Improved Synthesis and Enhanced Reactivity of X-BODIPYs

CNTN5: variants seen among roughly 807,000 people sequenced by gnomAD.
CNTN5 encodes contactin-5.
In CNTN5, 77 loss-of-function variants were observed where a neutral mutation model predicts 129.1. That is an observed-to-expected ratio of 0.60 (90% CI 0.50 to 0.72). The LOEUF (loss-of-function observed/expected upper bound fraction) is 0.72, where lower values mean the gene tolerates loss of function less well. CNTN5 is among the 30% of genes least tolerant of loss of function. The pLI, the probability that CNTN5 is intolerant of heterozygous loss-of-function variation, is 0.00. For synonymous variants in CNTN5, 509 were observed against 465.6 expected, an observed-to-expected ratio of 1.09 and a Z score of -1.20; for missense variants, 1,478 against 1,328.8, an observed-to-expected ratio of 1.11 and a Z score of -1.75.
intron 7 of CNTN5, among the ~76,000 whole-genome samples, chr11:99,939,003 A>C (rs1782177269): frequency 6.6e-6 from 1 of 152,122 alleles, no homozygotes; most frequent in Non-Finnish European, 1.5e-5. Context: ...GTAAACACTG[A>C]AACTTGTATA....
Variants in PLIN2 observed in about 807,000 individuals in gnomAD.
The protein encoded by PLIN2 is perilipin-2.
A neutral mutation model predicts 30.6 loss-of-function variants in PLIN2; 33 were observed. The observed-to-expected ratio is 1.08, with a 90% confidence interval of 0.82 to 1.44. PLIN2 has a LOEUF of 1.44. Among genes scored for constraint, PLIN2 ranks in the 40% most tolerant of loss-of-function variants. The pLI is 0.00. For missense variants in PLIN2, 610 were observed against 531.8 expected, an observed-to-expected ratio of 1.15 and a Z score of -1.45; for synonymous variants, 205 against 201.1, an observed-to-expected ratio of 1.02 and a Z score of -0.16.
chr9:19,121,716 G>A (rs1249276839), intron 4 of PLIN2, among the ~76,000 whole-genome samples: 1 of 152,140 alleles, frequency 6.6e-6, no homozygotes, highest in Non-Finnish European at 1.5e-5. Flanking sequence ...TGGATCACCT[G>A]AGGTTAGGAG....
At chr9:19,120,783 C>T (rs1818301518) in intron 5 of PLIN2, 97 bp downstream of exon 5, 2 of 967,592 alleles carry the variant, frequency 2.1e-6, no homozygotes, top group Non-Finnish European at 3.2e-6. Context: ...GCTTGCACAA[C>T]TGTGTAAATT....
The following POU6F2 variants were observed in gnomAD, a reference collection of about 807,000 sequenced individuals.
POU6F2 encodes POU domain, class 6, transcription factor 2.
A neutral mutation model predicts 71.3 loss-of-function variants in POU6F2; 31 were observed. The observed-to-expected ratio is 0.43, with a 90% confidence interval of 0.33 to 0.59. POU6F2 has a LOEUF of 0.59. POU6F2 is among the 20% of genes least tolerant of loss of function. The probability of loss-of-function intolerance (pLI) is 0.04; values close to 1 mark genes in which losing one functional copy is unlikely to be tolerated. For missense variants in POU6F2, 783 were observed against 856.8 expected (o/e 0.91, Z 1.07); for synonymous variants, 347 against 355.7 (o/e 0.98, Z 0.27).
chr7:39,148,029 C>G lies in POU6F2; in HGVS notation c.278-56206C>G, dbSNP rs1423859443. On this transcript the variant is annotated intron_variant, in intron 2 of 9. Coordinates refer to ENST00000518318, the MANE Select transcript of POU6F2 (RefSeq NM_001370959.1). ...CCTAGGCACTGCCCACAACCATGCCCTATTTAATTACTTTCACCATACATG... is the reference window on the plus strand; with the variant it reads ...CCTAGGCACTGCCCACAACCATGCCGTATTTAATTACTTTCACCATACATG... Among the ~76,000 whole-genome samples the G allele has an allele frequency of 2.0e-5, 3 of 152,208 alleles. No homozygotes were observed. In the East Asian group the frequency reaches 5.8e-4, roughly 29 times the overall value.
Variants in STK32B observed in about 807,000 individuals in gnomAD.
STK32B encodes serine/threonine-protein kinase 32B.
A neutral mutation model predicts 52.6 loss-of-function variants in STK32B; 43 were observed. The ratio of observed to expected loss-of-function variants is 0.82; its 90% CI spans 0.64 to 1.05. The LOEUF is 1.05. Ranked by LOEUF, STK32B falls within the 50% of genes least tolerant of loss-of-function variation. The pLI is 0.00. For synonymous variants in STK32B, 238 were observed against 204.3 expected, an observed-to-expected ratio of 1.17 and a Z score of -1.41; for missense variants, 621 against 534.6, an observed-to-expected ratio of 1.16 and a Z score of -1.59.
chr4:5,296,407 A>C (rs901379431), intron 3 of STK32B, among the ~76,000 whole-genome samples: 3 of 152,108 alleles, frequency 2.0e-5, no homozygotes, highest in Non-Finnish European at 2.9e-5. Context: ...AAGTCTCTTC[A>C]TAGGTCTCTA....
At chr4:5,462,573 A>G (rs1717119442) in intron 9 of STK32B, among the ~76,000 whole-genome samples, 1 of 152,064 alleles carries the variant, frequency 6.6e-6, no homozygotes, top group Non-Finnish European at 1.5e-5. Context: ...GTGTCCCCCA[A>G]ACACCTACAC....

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F-BODIPYs are most known for their high thermal and photochemical stability, being quite chemically robust and having tunable fluorescence properties. This thesis focuses on three general areas of BODIPY chemistry: the synthesis of F-BODIPYs; substitution at the boron centre; and deprotection of BODIPY compounds to afford the parent dipyrrin after removal of the boron centre. An improved methodology for the synthesis of F-BODIPYs from dipyrrins and bis(dipyrrin)s has been developed. This strategy employs lithium salts of dipyrrins as intermediates that are then treated with only 1 equiv of boron trifluoride diethyl etherate to obtain the corresponding F-BODIPYs. This scalable route to F-BODIPYs renders high yields with a facile purification process involving merely filtration of the reaction mixture through Celite in many cases. The first Cl-BODIPYs have been synthesized in high yields from the reaction of dipyrrins with boron trichloride under air- and moisture-free conditions. These are a new class of BODIPY that enable extremely facile substitution at boron compared to their analogous F-BODIPYs, opening up a new pathway to BODIPYs functionalized at boron. Another method for the synthesis of Cl-BODIPYs has also been developed, starting from the F-BODIPY and simply treating it with boron trichloride. Cl-BODIPYs are exploited as synthetic intermediates generated in situ for the overall conversion of F-BODIPYs to O- and C-BODIPYs in high overall yields using a mild one-pot procedure. This route enables F-BODIPYs to be transformed into derivatives that are not accessible via the direct route and has led to the formation of chiral O-BODIPYs and the study of their spectroscopic properties. The reactivity of F-BODIPYs with various boron trihalides has been investigated and has shown that activation occurs. The treatment of the activated F-BODIPY with a nucleophile affects facile substitution at boron; however, using water as the nucleophile promotes deprotective removal of the –BF2 moiety and thereby desirable production of the corresponding parent dipyrrin salt in quantitative yield under extremely mild conditions.